MH: Yes, I think that the value lies in diversity. We often see diversity as an issue of distributive justice or human rights, which of course it is. But, I also think that diversity is a key asset in knowledge creation as well—it’s diversity of experiences and diversity of information that’s coming into play. And I think that the great American universities have always understood that, which is why they’ve been so successful at seeking out talent from across the world. The thing that has always attracted me to the University of Michigan is that it’s simultaneously an intensely and locally engaged university, with the issues of Michigan and the issues of the state of Michigan, but at the same time, it’s an international university that draws scholarship from around the world and celebrates that. I think people instinctively recognize the richness of that. And for me it tracks back to John Dewey, Paolo Friere, and others, the notion of experiential learning and engaged research, research that doesn’t take things for granted, that seeks out things that are new, looks for inspiration.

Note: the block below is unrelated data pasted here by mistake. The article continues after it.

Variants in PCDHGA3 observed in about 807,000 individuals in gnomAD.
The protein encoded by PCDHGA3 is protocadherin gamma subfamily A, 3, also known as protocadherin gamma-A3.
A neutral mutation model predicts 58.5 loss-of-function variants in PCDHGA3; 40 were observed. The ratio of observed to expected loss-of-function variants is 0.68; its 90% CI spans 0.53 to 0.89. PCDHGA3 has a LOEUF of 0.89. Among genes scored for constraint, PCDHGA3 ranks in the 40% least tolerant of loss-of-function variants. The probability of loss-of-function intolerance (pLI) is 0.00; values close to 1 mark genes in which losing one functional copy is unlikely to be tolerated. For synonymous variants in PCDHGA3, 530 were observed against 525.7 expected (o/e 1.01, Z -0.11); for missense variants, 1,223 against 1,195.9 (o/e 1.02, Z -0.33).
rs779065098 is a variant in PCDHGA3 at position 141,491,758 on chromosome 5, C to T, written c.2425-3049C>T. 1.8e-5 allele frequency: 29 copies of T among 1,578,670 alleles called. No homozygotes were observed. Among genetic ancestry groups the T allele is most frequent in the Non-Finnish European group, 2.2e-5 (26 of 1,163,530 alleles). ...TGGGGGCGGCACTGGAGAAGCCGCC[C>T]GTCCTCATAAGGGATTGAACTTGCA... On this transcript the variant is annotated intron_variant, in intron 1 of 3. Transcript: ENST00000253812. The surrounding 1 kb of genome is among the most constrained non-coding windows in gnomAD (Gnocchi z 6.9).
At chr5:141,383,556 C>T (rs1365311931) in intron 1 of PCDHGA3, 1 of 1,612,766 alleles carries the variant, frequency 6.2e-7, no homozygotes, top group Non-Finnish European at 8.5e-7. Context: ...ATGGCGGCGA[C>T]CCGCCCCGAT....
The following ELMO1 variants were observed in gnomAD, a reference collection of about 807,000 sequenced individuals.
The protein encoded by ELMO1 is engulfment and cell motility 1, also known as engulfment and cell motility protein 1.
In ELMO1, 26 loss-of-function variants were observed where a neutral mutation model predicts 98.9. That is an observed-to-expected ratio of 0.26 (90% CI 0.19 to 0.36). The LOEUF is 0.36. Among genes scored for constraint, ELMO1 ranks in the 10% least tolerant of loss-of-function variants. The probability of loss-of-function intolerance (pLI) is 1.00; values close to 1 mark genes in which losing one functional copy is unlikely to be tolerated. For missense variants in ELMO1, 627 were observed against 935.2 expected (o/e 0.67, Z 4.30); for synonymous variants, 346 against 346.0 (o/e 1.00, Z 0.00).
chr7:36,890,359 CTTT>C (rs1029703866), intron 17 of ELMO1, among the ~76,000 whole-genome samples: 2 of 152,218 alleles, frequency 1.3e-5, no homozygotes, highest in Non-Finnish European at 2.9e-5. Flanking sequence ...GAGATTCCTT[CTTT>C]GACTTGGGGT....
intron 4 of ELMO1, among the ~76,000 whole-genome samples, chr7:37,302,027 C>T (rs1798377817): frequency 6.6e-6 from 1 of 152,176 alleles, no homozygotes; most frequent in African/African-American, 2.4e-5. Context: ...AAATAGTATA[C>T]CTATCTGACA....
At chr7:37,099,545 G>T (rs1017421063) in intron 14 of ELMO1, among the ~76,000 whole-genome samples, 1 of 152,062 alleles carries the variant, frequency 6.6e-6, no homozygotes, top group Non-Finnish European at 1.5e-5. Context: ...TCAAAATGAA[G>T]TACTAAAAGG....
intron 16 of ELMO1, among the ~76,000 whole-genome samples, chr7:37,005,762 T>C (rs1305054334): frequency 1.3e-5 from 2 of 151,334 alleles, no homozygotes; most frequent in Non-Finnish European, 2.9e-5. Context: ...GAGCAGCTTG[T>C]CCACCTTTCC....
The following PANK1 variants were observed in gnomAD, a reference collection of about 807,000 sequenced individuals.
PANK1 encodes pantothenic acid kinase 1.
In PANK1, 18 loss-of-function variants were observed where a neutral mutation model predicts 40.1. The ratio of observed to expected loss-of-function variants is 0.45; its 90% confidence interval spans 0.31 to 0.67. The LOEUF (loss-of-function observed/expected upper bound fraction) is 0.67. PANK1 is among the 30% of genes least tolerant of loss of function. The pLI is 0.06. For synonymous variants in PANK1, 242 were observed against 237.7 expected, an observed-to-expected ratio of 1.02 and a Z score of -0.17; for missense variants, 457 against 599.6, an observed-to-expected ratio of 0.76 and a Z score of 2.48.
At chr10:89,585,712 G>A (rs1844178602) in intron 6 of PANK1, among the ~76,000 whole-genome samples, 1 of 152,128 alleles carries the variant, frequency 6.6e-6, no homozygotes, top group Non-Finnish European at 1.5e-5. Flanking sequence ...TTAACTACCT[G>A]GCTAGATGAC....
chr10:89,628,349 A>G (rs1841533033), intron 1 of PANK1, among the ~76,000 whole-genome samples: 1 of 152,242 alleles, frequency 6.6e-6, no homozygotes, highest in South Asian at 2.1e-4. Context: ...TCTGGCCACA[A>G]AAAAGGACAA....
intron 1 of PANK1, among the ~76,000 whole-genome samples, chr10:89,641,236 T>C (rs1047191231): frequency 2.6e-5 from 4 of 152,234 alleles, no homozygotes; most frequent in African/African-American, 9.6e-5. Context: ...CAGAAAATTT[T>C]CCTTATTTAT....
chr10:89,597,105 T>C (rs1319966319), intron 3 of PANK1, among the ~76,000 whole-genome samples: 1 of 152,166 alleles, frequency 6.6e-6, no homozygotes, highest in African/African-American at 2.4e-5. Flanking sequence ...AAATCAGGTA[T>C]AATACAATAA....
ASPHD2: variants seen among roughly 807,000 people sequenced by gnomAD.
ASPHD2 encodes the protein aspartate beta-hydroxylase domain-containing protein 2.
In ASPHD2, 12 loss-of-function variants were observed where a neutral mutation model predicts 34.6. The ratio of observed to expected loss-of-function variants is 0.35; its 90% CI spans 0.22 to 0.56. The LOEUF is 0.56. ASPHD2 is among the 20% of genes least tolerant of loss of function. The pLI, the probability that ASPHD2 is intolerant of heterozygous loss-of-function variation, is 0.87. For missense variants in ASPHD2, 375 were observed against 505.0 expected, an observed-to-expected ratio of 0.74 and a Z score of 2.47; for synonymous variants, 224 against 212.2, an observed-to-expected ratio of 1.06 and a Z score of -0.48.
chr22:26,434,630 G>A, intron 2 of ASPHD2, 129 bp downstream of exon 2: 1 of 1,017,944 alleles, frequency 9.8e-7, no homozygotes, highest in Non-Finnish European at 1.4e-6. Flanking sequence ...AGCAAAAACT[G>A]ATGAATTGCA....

The extraordinary thing about universities in South Africa, prior to 1994 is that we survived at all. Because the notion of a university that segregated by race is not only a violation of human rights, it’s also a violation of the concept of knowledge. If difference is abolished then what have we got to learn from each other? I mean, if we all know each other and we know everything about each other, what more can we possibly learn? We’re going to stagnate intellectually. So it’s actually quite remarkable, I think, that segregated universities did survive.
    I think that since 1994 universities in South Africa have become very vibrant, complex, sometimes difficult cauldrons of experimentation with ideas. You quite rightly have focused attention on the humanities and the richness that is emerging there in new forms of art, culture, and expression. The same really applies across to the other side of the campus in areas like public health—the challenges of epidemiology, for example. The poor communities in Cape Town are immensely interesting and difficult from the public health point of view because you’re not dealing with homogenous populations with similar health care and disease patterns. You’re dealing with really complicated interplays of epidemiology. So some of the most fascinating public health problems come from that very diversity and richness of experience, and that’s what knowledge creation thrives on.

    DH: Many thanks for this interview, Martin.